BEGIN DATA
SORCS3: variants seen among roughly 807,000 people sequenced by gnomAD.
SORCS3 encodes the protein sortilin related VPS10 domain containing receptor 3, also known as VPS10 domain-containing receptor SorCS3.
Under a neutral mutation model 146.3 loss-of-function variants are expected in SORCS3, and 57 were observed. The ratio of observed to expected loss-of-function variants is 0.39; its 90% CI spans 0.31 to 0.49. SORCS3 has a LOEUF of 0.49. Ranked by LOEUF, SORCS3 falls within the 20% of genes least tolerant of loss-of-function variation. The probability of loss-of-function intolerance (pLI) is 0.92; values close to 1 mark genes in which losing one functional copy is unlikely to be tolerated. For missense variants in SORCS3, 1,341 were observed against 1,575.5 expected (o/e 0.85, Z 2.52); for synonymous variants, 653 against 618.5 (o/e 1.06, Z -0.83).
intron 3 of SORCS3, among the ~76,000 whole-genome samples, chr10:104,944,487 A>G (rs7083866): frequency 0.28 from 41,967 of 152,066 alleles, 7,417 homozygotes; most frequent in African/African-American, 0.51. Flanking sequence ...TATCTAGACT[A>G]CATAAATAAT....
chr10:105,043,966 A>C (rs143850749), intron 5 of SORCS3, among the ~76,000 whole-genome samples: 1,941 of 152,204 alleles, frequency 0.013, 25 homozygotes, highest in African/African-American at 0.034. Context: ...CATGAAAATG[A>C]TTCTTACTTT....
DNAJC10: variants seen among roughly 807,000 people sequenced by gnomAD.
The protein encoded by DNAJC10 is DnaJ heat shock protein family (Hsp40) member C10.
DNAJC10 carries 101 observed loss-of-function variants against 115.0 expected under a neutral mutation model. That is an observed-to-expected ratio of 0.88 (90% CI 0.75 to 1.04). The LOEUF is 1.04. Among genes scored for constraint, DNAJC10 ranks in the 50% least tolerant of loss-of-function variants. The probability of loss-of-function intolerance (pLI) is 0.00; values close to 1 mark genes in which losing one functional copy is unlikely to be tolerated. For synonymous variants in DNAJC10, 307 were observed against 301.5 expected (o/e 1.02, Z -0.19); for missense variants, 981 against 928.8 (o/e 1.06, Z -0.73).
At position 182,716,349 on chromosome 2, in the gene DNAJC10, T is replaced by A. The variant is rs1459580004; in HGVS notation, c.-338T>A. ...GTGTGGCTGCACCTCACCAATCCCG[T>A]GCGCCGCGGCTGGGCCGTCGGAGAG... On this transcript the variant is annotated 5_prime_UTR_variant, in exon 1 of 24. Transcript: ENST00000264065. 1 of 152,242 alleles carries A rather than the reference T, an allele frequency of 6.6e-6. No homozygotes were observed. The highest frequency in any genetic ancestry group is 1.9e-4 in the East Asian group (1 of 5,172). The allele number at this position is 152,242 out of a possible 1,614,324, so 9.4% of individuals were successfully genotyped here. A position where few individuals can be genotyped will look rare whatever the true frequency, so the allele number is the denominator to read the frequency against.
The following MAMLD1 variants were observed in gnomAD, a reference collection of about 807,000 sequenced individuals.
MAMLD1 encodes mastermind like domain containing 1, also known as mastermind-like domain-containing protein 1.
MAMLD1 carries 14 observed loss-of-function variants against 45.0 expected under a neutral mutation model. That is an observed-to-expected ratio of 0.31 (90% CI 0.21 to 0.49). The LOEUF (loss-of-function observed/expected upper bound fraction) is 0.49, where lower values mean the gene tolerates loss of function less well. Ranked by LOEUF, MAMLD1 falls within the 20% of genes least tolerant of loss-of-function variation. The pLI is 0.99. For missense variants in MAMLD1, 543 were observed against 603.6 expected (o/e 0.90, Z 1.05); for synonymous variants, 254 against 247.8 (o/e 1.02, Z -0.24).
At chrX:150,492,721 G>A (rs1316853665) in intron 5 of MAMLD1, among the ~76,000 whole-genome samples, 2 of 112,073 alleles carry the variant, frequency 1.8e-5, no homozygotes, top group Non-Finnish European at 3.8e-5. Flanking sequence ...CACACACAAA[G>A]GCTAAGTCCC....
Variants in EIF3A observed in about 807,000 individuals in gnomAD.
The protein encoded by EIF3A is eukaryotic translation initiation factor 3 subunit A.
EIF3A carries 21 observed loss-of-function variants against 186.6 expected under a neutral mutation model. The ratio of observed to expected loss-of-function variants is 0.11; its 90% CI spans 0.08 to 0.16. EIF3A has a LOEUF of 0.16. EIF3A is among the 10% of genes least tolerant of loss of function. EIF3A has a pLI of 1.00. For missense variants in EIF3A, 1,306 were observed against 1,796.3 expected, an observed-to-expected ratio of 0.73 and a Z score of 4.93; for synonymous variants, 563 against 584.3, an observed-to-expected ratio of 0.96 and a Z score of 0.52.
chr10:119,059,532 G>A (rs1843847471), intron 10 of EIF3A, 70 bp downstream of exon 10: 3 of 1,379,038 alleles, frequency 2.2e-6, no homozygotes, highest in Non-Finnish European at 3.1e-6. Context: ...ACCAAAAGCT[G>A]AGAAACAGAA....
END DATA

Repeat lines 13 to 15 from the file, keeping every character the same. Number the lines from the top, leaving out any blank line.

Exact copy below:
At chrX:150,492,721 G>A (rs1316853665) in intron 5 of MAMLD1, among the ~76,000 whole-genome samples, 2 of 112,073 alleles carry the variant, frequency 1.8e-5, no homozygotes, top group Non-Finnish European at 3.8e-5. Flanking sequence ...CACACACAAA[G>A]GCTAAGTCCC....
Variants in EIF3A observed in about 807,000 individuals in gnomAD.
The protein encoded by EIF3A is eukaryotic translation initiation factor 3 subunit A.